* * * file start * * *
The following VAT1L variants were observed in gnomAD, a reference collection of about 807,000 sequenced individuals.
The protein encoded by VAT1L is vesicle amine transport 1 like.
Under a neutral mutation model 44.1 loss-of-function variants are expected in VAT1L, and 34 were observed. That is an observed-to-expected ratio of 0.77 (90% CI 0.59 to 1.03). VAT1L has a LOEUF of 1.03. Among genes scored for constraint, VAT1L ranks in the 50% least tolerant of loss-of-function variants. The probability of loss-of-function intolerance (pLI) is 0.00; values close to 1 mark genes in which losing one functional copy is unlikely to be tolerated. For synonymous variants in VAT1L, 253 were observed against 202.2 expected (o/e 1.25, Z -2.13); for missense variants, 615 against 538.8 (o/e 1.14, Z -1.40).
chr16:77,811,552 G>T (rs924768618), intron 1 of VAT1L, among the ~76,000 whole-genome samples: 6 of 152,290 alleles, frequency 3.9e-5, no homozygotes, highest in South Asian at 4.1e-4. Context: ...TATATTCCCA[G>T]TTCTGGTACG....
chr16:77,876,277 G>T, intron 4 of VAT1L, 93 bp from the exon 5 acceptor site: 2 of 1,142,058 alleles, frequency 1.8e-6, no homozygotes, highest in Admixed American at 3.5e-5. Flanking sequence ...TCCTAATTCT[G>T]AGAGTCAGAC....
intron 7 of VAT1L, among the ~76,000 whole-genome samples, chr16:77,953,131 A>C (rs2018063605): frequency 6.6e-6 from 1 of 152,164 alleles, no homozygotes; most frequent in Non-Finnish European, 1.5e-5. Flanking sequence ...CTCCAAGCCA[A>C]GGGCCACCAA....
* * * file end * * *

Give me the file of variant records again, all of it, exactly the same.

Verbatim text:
The following VAT1L variants were observed in gnomAD, a reference collection of about 807,000 sequenced individuals.
The protein encoded by VAT1L is vesicle amine transport 1 like.
Under a neutral mutation model 44.1 loss-of-function variants are expected in VAT1L, and 34 were observed. That is an observed-to-expected ratio of 0.77 (90% CI 0.59 to 1.03). VAT1L has a LOEUF of 1.03. Among genes scored for constraint, VAT1L ranks in the 50% least tolerant of loss-of-function variants. The probability of loss-of-function intolerance (pLI) is 0.00; values close to 1 mark genes in which losing one functional copy is unlikely to be tolerated. For synonymous variants in VAT1L, 253 were observed against 202.2 expected (o/e 1.25, Z -2.13); for missense variants, 615 against 538.8 (o/e 1.14, Z -1.40).
chr16:77,811,552 G>T (rs924768618), intron 1 of VAT1L, among the ~76,000 whole-genome samples: 6 of 152,290 alleles, frequency 3.9e-5, no homozygotes, highest in South Asian at 4.1e-4. Context: ...TATATTCCCA[G>T]TTCTGGTACG....
chr16:77,876,277 G>T, intron 4 of VAT1L, 93 bp from the exon 5 acceptor site: 2 of 1,142,058 alleles, frequency 1.8e-6, no homozygotes, highest in Admixed American at 3.5e-5. Flanking sequence ...TCCTAATTCT[G>T]AGAGTCAGAC....
intron 7 of VAT1L, among the ~76,000 whole-genome samples, chr16:77,953,131 A>C (rs2018063605): frequency 6.6e-6 from 1 of 152,164 alleles, no homozygotes; most frequent in Non-Finnish European, 1.5e-5. Flanking sequence ...CTCCAAGCCA[A>C]GGGCCACCAA....